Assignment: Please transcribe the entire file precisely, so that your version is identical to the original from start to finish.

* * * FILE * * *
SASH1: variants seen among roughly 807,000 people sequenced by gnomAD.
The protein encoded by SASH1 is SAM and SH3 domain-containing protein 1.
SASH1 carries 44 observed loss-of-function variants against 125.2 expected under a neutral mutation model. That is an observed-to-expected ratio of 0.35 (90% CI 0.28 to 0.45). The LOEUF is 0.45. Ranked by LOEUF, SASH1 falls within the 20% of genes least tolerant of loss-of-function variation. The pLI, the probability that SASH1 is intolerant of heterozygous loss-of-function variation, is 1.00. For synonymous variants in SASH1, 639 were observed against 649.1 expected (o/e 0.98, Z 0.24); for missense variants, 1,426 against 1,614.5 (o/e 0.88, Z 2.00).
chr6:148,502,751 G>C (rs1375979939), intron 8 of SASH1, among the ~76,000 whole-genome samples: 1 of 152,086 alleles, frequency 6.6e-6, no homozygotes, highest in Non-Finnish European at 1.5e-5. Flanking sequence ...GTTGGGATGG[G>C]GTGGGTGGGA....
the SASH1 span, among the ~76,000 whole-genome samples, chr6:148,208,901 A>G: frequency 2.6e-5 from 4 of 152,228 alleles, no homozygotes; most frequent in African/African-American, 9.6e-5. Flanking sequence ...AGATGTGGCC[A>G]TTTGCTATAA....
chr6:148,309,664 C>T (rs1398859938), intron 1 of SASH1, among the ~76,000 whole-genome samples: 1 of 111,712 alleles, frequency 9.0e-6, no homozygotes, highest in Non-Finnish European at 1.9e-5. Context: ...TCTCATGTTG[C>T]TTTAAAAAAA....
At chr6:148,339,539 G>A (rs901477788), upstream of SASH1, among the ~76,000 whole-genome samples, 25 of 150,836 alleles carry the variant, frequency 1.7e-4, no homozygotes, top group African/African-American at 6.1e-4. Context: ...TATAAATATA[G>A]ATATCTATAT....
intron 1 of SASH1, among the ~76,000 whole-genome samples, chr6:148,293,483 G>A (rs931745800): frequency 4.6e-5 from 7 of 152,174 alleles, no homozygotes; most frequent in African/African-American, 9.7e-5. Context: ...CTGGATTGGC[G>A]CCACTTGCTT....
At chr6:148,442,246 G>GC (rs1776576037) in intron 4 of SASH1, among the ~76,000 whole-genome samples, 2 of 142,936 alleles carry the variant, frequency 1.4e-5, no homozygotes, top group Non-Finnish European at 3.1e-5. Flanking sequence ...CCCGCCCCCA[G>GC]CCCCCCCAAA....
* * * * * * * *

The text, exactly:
SASH1: variants seen among roughly 807,000 people sequenced by gnomAD.
The protein encoded by SASH1 is SAM and SH3 domain-containing protein 1.
SASH1 carries 44 observed loss-of-function variants against 125.2 expected under a neutral mutation model. That is an observed-to-expected ratio of 0.35 (90% CI 0.28 to 0.45). The LOEUF is 0.45. Ranked by LOEUF, SASH1 falls within the 20% of genes least tolerant of loss-of-function variation. The pLI, the probability that SASH1 is intolerant of heterozygous loss-of-function variation, is 1.00. For synonymous variants in SASH1, 639 were observed against 649.1 expected (o/e 0.98, Z 0.24); for missense variants, 1,426 against 1,614.5 (o/e 0.88, Z 2.00).
chr6:148,502,751 G>C (rs1375979939), intron 8 of SASH1, among the ~76,000 whole-genome samples: 1 of 152,086 alleles, frequency 6.6e-6, no homozygotes, highest in Non-Finnish European at 1.5e-5. Flanking sequence ...GTTGGGATGG[G>C]GTGGGTGGGA....
the SASH1 span, among the ~76,000 whole-genome samples, chr6:148,208,901 A>G: frequency 2.6e-5 from 4 of 152,228 alleles, no homozygotes; most frequent in African/African-American, 9.6e-5. Flanking sequence ...AGATGTGGCC[A>G]TTTGCTATAA....
chr6:148,309,664 C>T (rs1398859938), intron 1 of SASH1, among the ~76,000 whole-genome samples: 1 of 111,712 alleles, frequency 9.0e-6, no homozygotes, highest in Non-Finnish European at 1.9e-5. Context: ...TCTCATGTTG[C>T]TTTAAAAAAA....
At chr6:148,339,539 G>A (rs901477788), upstream of SASH1, among the ~76,000 whole-genome samples, 25 of 150,836 alleles carry the variant, frequency 1.7e-4, no homozygotes, top group African/African-American at 6.1e-4. Context: ...TATAAATATA[G>A]ATATCTATAT....
intron 1 of SASH1, among the ~76,000 whole-genome samples, chr6:148,293,483 G>A (rs931745800): frequency 4.6e-5 from 7 of 152,174 alleles, no homozygotes; most frequent in African/African-American, 9.7e-5. Context: ...CTGGATTGGC[G>A]CCACTTGCTT....
At chr6:148,442,246 G>GC (rs1776576037) in intron 4 of SASH1, among the ~76,000 whole-genome samples, 2 of 142,936 alleles carry the variant, frequency 1.4e-5, no homozygotes, top group Non-Finnish European at 3.1e-5. Flanking sequence ...CCCGCCCCCA[G>GC]CCCCCCCAAA....